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And for tricks that are vain, The heathen Chinee is peculiar :
Which the same I would rise to explain.
Which is why I remark,
And my language is plain,
And for tricks that are vain,
FRANCIS BRET HARTE.
Ah Sin was his name ;
And I shall not deny In regard to the same
What that name might imply; But his smile it was pensive and childlike,
As I frequent remarked to Bill Nye.
It was August the third,
And quite soft was the skies, Which it might be inferred
That Ah Sin was likewise : Yet he played it that day upon William
And me in a way I despise.
Which we had a small game,
And Ah Sin took a hand :
He did not understand ;
With the smile that was childlike and bland.
Good reader, if you e'er have seen,
When Phæbus hastens to his pillow, The mermaids, with their tresses green,
Dancing upon the western billow ; If you have seen at twilight dim, When the lone spirit's vesper-hymn
Floats wild along the winding shore, If you have seen through mist of eve The fairy train their ringlets weave, Glancing along the spangled green ;
If you have seen all this, and more, God bless me! what a deal you've seen!
Yet the cards they were stocked
In a way that I grieve,
At the state of Nye's sleeve,
And the same with intent to deceive.
AN EPIGRAM. Men dying make their wills - but wives
Escape a work so sad ; Why should they make what all their lives
The gentle' dames have had !
But the hands that were played
By that heathen Chinee,
Were quite frightful to see —
Which the same Nye had dealt unto me.
Then I looked up at Nye,
And he gazed upon me; And he rose with a sigh,
And said, “Can this be ? We are ruined by Chinese cheap labor," —
And he went for that heathen Chinee,
In the scene that ensued
I did not take a hand, But the floor it was strewed
Like the leaves on the strand With the cards that Ah Sin had been hiding
In the game “he did not understand.”
BACHELOR'S HALL, what a comical place it is!
Keep me from such all the days of my life! Sure but he knows what a burning disgrace it is,
Never at all to be getting a wife. See the old bachelor, gloomy and sad enough,
Fussing around while he's making his fire; His kettle has tipt up,och, honey, he's mad enough,
If he were present, to fight with the squire ! Pots, dishes, and pans, and such other com
modities, Ashes and praty-skins, kiver the floor; His cupboard a storehouse of comical oddities,
Things never thought of as neighbors before. When his mealitis over, the table's left sittin' so ;
Dishes, take care of yourselves if you can; Devil a drop of hot water will visit ye.
Och, let him alone for a baste of a man!
In his sleeves, which were long,
He had twenty-four packs – Which was coming it strong,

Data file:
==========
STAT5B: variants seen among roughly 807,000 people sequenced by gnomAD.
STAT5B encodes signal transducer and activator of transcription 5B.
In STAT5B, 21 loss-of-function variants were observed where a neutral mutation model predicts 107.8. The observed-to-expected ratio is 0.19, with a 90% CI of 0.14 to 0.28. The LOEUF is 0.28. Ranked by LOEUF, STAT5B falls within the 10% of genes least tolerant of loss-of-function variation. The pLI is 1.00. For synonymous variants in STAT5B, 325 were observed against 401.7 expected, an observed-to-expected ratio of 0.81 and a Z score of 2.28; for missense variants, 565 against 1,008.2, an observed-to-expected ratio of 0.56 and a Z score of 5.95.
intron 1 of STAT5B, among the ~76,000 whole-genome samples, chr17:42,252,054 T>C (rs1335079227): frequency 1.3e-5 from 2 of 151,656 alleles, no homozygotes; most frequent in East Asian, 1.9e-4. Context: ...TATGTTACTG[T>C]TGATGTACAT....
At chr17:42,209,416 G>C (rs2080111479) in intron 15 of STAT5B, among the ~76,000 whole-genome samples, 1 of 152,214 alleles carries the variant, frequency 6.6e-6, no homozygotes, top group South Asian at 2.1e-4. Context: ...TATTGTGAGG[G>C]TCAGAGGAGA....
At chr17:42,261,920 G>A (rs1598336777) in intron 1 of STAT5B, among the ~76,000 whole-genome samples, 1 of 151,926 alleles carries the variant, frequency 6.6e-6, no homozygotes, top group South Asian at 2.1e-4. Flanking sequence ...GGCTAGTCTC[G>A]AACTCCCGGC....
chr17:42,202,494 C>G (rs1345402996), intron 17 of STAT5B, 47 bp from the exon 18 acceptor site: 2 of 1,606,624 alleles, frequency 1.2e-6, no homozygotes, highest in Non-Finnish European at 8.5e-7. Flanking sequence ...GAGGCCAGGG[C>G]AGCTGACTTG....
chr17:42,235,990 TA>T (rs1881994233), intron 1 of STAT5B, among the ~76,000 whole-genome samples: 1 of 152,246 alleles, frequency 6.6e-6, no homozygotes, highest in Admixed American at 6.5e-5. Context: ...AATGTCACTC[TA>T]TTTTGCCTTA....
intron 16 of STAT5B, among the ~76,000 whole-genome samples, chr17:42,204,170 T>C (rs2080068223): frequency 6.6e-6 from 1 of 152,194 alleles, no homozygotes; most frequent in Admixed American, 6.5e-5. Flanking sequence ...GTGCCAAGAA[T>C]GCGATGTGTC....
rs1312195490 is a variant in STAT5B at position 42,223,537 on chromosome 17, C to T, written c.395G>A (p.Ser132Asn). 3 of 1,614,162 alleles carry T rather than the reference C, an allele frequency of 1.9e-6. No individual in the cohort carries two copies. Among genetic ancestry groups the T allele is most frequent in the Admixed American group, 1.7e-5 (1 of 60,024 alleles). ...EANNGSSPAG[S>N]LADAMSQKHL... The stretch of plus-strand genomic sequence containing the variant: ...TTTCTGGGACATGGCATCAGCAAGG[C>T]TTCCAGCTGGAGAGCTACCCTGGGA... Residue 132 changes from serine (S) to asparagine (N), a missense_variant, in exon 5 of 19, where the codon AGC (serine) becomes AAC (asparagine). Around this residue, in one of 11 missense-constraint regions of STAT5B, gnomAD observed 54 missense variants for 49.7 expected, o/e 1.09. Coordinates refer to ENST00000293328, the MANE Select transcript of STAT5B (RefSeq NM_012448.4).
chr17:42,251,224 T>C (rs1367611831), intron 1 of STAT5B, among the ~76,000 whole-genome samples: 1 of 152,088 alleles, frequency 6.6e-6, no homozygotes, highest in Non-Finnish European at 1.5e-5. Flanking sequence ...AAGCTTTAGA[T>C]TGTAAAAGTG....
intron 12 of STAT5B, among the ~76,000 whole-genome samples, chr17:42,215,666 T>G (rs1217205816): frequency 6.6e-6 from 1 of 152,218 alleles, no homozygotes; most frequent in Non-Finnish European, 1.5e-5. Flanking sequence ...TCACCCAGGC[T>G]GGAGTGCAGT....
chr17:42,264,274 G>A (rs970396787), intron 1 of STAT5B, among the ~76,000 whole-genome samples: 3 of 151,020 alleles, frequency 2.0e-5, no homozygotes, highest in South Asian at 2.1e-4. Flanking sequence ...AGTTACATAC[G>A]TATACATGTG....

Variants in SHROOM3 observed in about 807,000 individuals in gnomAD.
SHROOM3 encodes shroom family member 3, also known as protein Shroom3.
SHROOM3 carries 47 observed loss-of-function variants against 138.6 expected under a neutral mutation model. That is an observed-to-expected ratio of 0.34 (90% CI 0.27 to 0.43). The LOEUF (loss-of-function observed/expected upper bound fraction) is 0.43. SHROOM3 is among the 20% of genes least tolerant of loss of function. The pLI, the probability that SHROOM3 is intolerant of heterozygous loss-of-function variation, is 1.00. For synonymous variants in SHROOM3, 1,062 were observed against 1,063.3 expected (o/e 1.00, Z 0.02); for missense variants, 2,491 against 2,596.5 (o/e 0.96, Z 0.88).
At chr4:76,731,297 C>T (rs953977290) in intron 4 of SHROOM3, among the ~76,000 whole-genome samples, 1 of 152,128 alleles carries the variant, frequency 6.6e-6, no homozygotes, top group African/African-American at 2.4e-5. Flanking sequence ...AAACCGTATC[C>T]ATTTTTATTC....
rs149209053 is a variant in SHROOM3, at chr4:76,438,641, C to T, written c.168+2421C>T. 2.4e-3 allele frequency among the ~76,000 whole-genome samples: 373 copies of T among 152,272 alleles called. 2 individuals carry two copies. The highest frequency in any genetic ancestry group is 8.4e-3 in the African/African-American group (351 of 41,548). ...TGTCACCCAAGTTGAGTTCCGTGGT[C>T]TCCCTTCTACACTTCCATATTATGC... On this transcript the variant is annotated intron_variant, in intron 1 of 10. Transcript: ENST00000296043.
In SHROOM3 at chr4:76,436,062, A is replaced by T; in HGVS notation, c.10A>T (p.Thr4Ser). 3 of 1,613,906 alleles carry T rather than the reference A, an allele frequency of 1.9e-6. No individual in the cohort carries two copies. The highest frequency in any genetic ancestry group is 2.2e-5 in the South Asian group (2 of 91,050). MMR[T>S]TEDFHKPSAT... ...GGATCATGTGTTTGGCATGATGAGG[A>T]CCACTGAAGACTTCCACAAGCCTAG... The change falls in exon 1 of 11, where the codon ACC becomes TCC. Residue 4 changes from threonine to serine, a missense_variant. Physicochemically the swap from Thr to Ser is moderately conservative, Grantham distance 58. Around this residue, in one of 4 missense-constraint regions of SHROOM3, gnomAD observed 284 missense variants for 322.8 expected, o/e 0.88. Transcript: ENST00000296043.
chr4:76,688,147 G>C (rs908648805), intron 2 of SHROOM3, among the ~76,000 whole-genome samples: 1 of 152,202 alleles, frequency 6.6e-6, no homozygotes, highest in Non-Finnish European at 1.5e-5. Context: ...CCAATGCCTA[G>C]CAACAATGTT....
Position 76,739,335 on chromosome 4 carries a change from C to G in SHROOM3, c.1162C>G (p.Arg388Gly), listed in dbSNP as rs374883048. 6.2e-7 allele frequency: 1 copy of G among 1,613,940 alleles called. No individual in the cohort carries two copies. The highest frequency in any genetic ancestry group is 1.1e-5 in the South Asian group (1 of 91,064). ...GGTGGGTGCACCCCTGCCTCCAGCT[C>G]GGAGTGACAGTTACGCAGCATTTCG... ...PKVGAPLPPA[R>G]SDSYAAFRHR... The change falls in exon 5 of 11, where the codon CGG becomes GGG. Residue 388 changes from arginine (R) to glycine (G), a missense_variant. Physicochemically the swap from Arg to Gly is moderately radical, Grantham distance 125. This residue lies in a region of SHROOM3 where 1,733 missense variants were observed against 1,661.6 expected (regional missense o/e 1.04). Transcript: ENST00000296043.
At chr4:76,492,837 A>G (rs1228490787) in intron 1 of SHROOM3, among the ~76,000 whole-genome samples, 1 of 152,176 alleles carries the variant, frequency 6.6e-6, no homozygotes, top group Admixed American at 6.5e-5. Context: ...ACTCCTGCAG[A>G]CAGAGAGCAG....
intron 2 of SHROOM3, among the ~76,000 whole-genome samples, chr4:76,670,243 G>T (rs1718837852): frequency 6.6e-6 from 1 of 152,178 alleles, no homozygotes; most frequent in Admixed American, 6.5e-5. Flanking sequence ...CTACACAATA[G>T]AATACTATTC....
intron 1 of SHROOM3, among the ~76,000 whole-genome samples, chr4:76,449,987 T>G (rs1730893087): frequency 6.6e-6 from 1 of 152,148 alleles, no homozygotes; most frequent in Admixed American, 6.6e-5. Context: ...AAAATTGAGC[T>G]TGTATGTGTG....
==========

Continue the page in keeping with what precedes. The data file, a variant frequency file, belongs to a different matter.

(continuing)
Yet I state but the facts. And we found on his nails, which were taper
What is frequent in tapers -- that's wax.
Now, like a pig in a mortar-bed wallowing. This Gineral great then tuck his sate,
See the old bachelor kneading his dough; With all the other ginerals,
And as he there, with princely air,
ring, Recloinin on his cushion was, Never the bit is his bed made at all;
All round about his royal chair, So he creeps like a terrapin under the kivering ;
The squeezin and the pushin was. Bad luck to the pictur of Bachelor's Hall !
| O Pat, such girls, such Jukes and Earls,
Just think of Tim, and fancy him
There was Lord De L'Huys,and the Portygeese GIVEN TO THE NEPAULESE AMBASSADOR BY THE PENINSULAR AND ORIENTAL COMPANY.
Ministher and his lady there,
And I reckonized, with much surprise, 0, WILL ye choose to hear the news ?
Our messmate, Bob O'Grady, there;
| There was Baroness Brunow, that looked like Juno, To the Naypaulase Ambassador.
And Baroness Rehausen there, Begor ! this fête all balls does bate,
| And Countess Roullier, that looked peculiar At which I worn a pump, and I
Well, in her robes of gauze in there. Must here relate the splendthor great
There was Lord Crowhurst (I knew him first Of th’Oriental Company.
When only Mr. Pips he was), These men of sinse dispoised expinse,
| And Mick O'Toole, the great big fool, To fête these black Achilleses.
That after supper tipsy was. “We'll show the blacks," says they, “Almack's, | There was Lord Fingall and his ladies all, And take the rooms at Willis's."
And Lords Killeen and Dufferin, With flags and shawls, for these Nepauls,
And Paddy Fife, with his fat wife, They hung the rooms of Willis up,
I wondther how he could stuff her in. And decked the walls and stairs and halls
There was Lord Belfast, that by me past, With roses and with lilies up.
And seemed to ask how should I go there? And Jullien's band it tuck its stand
And the Widow Macrae, and Lord A. Hay, So sweetly in the middle there,
And the Marchioness of Sligo there. And soft bassoons played heavenly chunes,
Yes, Jukes and Earls, and diamonds and pearls, And violins did fiddle there.
And pretty girls, was spoorting there ; And when the Coort was tired of spoort,
And some beside (the rogues !) I spied, I'd lave you, boys, to think there was
Behind the windies, coorting there. A nate buffet before them set,
0, there's one I know, bedad, would show Where lashins of good dhrink there was !
As beautiful as any there; At ten before the ball-room door,
And I'd like to hear the pipers blow, His moighty Excellency was ;
And shake a fut with Fanny there! He smoiled and bowed to all the crowd,
So gorgeous and immense he was.
A VERITABLE MYTH, TOUCHING THE CONSTELLATION
OF O'RYAN, IGNORANTLY AND FALSELY SPELLED ORION. The noble Chair stud at the stair,
O’RYAN was a man of might And bade the dthrums to thump ; and he
Whin Ireland was a nation, Did thus evince to that Black Prince
But poachin' was his heart's delight The welcome of his Company.
And constant occupation. O fair the girls, and rich the curls,
He had an ould militia gun, And bright the oys, you saw there, was ;
And sartin sure his aim was ; And fixed each oye, ye there could spoi,
He gave the keepers many a run, On Gineral Jung Bahawther was !
And would n't mind the game laws.
WILLIAM MAKEPEACE THACKERAY.
He weeps o'er the modern corruption,
Compared with the good old times,
With the Upper Jura limes !
The hoary old Plesiosaurus
Does naught but quaff and roar;
Flew drunk to his own front door!
The Iguanodon of the Period
Grows worse with every stratum ;
Whenever he can get at 'em !
St. Pathrick wanst was passin' by
O'Ryan's little houldin',
He thought he'd enther bould in. “O'Ryan,” says the saint, “avick!